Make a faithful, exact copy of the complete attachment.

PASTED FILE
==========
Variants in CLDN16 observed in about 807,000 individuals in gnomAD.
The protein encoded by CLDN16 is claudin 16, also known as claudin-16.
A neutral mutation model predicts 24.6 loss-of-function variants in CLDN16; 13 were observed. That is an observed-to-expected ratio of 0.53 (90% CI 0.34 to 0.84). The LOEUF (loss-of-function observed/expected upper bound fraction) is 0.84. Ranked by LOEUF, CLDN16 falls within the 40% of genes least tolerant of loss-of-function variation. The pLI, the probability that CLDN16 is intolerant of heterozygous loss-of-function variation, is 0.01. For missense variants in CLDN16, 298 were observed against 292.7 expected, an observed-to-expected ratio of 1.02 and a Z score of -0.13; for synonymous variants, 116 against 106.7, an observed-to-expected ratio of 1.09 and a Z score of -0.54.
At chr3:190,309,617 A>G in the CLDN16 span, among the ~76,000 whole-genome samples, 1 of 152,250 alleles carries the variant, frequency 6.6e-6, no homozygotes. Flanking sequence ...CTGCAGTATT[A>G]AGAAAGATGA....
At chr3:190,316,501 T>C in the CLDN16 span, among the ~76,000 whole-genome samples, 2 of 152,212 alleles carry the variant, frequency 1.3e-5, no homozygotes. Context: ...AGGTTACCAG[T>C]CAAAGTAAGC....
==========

Variants in CLDN16 observed in about 807,000 individuals in gnomAD.
The protein encoded by CLDN16 is claudin 16, also known as claudin-16.
A neutral mutation model predicts 24.6 loss-of-function variants in CLDN16; 13 were observed. That is an observed-to-expected ratio of 0.53 (90% CI 0.34 to 0.84). The LOEUF (loss-of-function observed/expected upper bound fraction) is 0.84. Ranked by LOEUF, CLDN16 falls within the 40% of genes least tolerant of loss-of-function variation. The pLI, the probability that CLDN16 is intolerant of heterozygous loss-of-function variation, is 0.01. For missense variants in CLDN16, 298 were observed against 292.7 expected, an observed-to-expected ratio of 1.02 and a Z score of -0.13; for synonymous variants, 116 against 106.7, an observed-to-expected ratio of 1.09 and a Z score of -0.54.
At chr3:190,309,617 A>G in the CLDN16 span, among the ~76,000 whole-genome samples, 1 of 152,250 alleles carries the variant, frequency 6.6e-6, no homozygotes. Flanking sequence ...CTGCAGTATT[A>G]AGAAAGATGA....
At chr3:190,316,501 T>C in the CLDN16 span, among the ~76,000 whole-genome samples, 2 of 152,212 alleles carry the variant, frequency 1.3e-5, no homozygotes. Context: ...AGGTTACCAG[T>C]CAAAGTAAGC....